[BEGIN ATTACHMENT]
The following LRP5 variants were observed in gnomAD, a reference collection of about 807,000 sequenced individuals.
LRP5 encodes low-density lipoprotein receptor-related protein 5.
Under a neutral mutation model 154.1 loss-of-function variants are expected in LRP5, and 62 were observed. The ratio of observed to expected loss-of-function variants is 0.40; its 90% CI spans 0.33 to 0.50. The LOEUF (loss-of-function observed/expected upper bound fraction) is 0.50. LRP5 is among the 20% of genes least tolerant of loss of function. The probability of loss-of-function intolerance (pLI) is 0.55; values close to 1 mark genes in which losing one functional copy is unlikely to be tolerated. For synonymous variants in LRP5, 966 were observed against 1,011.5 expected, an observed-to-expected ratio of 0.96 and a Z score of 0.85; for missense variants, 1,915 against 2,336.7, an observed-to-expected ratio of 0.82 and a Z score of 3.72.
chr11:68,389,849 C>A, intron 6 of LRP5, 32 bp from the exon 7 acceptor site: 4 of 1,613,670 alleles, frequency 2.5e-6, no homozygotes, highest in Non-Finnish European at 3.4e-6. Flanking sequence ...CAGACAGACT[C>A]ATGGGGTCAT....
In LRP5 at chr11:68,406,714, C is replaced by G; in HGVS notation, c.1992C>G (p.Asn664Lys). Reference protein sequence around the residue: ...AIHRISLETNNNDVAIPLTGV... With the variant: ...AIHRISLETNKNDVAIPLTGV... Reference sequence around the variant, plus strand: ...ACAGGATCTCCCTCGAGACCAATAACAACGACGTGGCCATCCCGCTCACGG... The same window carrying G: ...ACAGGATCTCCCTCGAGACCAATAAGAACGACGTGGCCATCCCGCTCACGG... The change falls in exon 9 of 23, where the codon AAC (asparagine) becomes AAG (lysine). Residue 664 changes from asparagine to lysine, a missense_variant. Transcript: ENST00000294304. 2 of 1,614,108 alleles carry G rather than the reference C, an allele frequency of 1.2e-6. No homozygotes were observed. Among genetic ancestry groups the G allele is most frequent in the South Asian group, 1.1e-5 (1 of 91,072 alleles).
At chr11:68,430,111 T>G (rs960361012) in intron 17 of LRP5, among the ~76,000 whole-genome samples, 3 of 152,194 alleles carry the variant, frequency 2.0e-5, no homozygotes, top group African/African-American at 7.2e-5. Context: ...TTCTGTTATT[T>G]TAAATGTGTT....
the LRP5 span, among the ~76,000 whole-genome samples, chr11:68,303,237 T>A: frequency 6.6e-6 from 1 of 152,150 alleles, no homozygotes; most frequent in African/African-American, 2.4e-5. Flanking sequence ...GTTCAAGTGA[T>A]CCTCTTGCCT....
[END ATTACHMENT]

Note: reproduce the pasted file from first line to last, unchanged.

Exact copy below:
The following LRP5 variants were observed in gnomAD, a reference collection of about 807,000 sequenced individuals.
LRP5 encodes low-density lipoprotein receptor-related protein 5.
Under a neutral mutation model 154.1 loss-of-function variants are expected in LRP5, and 62 were observed. The ratio of observed to expected loss-of-function variants is 0.40; its 90% CI spans 0.33 to 0.50. The LOEUF (loss-of-function observed/expected upper bound fraction) is 0.50. LRP5 is among the 20% of genes least tolerant of loss of function. The probability of loss-of-function intolerance (pLI) is 0.55; values close to 1 mark genes in which losing one functional copy is unlikely to be tolerated. For synonymous variants in LRP5, 966 were observed against 1,011.5 expected, an observed-to-expected ratio of 0.96 and a Z score of 0.85; for missense variants, 1,915 against 2,336.7, an observed-to-expected ratio of 0.82 and a Z score of 3.72.
chr11:68,389,849 C>A, intron 6 of LRP5, 32 bp from the exon 7 acceptor site: 4 of 1,613,670 alleles, frequency 2.5e-6, no homozygotes, highest in Non-Finnish European at 3.4e-6. Flanking sequence ...CAGACAGACT[C>A]ATGGGGTCAT....
In LRP5 at chr11:68,406,714, C is replaced by G; in HGVS notation, c.1992C>G (p.Asn664Lys). Reference protein sequence around the residue: ...AIHRISLETNNNDVAIPLTGV... With the variant: ...AIHRISLETNKNDVAIPLTGV... Reference sequence around the variant, plus strand: ...ACAGGATCTCCCTCGAGACCAATAACAACGACGTGGCCATCCCGCTCACGG... The same window carrying G: ...ACAGGATCTCCCTCGAGACCAATAAGAACGACGTGGCCATCCCGCTCACGG... The change falls in exon 9 of 23, where the codon AAC (asparagine) becomes AAG (lysine). Residue 664 changes from asparagine to lysine, a missense_variant. Transcript: ENST00000294304. 2 of 1,614,108 alleles carry G rather than the reference C, an allele frequency of 1.2e-6. No homozygotes were observed. Among genetic ancestry groups the G allele is most frequent in the South Asian group, 1.1e-5 (1 of 91,072 alleles).
At chr11:68,430,111 T>G (rs960361012) in intron 17 of LRP5, among the ~76,000 whole-genome samples, 3 of 152,194 alleles carry the variant, frequency 2.0e-5, no homozygotes, top group African/African-American at 7.2e-5. Context: ...TTCTGTTATT[T>G]TAAATGTGTT....
the LRP5 span, among the ~76,000 whole-genome samples, chr11:68,303,237 T>A: frequency 6.6e-6 from 1 of 152,150 alleles, no homozygotes; most frequent in African/African-American, 2.4e-5. Flanking sequence ...GTTCAAGTGA[T>A]CCTCTTGCCT....